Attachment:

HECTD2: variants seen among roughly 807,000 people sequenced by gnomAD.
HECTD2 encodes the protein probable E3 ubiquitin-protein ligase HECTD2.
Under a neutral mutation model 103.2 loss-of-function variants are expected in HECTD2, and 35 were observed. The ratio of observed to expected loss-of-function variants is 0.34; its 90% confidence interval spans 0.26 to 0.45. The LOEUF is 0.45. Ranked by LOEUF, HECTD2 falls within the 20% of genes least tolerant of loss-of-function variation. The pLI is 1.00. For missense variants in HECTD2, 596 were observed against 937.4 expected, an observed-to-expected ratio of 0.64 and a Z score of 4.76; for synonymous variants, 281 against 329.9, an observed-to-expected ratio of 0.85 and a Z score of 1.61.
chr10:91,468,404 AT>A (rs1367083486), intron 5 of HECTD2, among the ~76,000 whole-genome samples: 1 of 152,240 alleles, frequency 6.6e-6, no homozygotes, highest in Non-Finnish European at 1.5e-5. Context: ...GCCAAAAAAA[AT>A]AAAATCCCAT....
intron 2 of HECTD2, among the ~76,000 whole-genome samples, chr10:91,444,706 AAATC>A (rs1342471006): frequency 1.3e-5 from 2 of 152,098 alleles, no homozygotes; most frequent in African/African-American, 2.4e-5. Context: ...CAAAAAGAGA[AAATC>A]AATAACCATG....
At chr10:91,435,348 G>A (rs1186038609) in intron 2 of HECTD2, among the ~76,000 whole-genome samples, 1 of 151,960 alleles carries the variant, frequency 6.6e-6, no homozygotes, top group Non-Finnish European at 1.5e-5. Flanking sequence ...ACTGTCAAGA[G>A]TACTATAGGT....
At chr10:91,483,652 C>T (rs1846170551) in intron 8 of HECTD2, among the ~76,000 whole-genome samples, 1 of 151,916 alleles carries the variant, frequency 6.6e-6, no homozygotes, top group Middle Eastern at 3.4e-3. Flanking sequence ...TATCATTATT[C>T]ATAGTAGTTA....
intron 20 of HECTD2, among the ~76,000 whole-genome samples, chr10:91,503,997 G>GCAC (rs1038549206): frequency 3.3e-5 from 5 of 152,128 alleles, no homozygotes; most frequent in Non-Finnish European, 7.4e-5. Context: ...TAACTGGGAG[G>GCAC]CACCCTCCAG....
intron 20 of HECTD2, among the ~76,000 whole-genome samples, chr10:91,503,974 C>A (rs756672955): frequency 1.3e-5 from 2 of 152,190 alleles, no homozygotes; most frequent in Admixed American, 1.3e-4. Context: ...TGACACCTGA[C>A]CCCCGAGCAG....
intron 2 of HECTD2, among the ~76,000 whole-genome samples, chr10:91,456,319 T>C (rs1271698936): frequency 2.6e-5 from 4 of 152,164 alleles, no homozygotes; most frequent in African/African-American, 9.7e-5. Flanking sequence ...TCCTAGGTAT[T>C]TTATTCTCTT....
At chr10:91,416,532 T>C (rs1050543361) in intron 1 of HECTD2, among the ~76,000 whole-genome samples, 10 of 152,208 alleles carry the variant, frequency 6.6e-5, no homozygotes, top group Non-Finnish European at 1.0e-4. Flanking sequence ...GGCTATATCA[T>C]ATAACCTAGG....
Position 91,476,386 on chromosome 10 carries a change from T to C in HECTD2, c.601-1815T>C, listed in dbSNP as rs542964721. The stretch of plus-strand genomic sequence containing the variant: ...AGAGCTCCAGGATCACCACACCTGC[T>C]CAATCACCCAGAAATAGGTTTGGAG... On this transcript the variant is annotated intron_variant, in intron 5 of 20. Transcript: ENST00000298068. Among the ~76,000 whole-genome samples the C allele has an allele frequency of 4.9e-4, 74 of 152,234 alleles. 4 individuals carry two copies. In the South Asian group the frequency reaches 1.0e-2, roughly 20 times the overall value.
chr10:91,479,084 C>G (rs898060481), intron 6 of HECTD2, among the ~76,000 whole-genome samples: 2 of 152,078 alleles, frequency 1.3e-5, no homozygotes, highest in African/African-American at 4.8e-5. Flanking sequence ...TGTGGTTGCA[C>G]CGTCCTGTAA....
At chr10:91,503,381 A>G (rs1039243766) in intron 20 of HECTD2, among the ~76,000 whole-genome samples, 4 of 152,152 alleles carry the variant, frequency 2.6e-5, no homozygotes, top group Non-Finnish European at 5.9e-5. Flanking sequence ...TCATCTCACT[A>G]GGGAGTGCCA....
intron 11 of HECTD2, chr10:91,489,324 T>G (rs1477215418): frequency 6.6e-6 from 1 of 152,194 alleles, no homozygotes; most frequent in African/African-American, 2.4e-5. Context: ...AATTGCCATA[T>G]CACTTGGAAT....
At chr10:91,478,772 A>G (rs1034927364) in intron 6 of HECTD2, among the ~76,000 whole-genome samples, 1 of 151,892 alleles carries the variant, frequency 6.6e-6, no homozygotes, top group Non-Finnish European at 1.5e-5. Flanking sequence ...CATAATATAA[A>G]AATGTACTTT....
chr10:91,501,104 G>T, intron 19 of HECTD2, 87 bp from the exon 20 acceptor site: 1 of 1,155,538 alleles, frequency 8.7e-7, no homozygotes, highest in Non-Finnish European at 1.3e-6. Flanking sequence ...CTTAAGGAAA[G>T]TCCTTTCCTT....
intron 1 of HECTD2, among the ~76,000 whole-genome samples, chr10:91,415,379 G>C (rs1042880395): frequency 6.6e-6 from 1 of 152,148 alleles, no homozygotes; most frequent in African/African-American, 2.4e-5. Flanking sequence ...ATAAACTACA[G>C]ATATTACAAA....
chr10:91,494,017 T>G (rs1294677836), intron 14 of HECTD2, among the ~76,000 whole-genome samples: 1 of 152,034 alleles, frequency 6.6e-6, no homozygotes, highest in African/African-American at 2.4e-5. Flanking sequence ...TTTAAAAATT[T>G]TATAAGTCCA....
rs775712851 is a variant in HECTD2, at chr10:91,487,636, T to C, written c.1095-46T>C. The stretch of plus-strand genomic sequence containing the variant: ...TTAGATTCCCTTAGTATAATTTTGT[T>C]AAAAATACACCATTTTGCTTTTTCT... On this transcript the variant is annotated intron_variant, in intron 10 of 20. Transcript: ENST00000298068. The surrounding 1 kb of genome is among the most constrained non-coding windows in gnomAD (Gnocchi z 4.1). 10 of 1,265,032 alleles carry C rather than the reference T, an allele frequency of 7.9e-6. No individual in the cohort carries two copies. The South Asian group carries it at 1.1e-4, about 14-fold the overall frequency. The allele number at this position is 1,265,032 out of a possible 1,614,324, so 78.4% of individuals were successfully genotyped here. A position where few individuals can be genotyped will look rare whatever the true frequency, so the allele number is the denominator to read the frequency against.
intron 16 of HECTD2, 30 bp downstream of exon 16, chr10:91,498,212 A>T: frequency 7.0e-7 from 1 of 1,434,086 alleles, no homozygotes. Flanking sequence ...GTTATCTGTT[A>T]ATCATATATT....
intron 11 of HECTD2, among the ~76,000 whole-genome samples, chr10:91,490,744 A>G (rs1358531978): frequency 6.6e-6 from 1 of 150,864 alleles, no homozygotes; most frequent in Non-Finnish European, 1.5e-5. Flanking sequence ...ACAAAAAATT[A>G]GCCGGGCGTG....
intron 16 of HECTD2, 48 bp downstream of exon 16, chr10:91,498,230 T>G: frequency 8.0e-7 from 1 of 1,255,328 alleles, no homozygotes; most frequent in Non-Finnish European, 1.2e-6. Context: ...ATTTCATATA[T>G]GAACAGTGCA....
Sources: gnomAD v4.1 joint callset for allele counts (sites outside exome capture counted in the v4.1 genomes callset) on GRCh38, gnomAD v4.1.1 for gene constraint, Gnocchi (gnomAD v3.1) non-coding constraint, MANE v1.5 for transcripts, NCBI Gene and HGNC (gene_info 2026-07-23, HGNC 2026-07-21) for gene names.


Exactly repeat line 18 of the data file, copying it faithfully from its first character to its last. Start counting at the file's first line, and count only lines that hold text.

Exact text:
intron 1 of HECTD2, among the ~76,000 whole-genome samples, chr10:91,415,379 G>C (rs1042880395): frequency 6.6e-6 from 1 of 152,148 alleles, no homozygotes; most frequent in African/African-American, 2.4e-5. Flanking sequence ...ATAAACTACA[G>C]ATATTACAAA....